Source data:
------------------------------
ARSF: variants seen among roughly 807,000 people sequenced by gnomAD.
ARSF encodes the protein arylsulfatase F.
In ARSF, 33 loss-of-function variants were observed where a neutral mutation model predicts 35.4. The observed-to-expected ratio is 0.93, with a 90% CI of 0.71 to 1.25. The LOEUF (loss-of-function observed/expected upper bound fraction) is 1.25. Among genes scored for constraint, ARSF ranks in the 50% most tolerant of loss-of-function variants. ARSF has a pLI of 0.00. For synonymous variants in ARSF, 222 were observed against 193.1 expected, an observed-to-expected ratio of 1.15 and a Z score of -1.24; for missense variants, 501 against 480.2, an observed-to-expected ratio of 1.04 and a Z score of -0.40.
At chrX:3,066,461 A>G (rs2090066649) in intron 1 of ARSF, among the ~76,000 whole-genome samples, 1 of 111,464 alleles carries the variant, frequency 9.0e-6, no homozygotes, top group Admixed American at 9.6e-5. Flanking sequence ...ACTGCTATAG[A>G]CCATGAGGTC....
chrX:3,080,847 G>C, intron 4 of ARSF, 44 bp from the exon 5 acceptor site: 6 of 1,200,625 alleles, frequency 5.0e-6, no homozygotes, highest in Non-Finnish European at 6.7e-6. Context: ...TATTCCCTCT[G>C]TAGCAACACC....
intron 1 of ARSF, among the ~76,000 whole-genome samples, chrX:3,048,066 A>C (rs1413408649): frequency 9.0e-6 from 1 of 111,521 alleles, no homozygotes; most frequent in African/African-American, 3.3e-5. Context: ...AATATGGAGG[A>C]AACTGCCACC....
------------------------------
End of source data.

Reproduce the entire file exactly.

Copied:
ARSF: variants seen among roughly 807,000 people sequenced by gnomAD.
ARSF encodes the protein arylsulfatase F.
In ARSF, 33 loss-of-function variants were observed where a neutral mutation model predicts 35.4. The observed-to-expected ratio is 0.93, with a 90% CI of 0.71 to 1.25. The LOEUF (loss-of-function observed/expected upper bound fraction) is 1.25. Among genes scored for constraint, ARSF ranks in the 50% most tolerant of loss-of-function variants. ARSF has a pLI of 0.00. For synonymous variants in ARSF, 222 were observed against 193.1 expected, an observed-to-expected ratio of 1.15 and a Z score of -1.24; for missense variants, 501 against 480.2, an observed-to-expected ratio of 1.04 and a Z score of -0.40.
At chrX:3,066,461 A>G (rs2090066649) in intron 1 of ARSF, among the ~76,000 whole-genome samples, 1 of 111,464 alleles carries the variant, frequency 9.0e-6, no homozygotes, top group Admixed American at 9.6e-5. Flanking sequence ...ACTGCTATAG[A>G]CCATGAGGTC....
chrX:3,080,847 G>C, intron 4 of ARSF, 44 bp from the exon 5 acceptor site: 6 of 1,200,625 alleles, frequency 5.0e-6, no homozygotes, highest in Non-Finnish European at 6.7e-6. Context: ...TATTCCCTCT[G>C]TAGCAACACC....
intron 1 of ARSF, among the ~76,000 whole-genome samples, chrX:3,048,066 A>C (rs1413408649): frequency 9.0e-6 from 1 of 111,521 alleles, no homozygotes; most frequent in African/African-American, 3.3e-5. Context: ...AATATGGAGG[A>C]AACTGCCACC....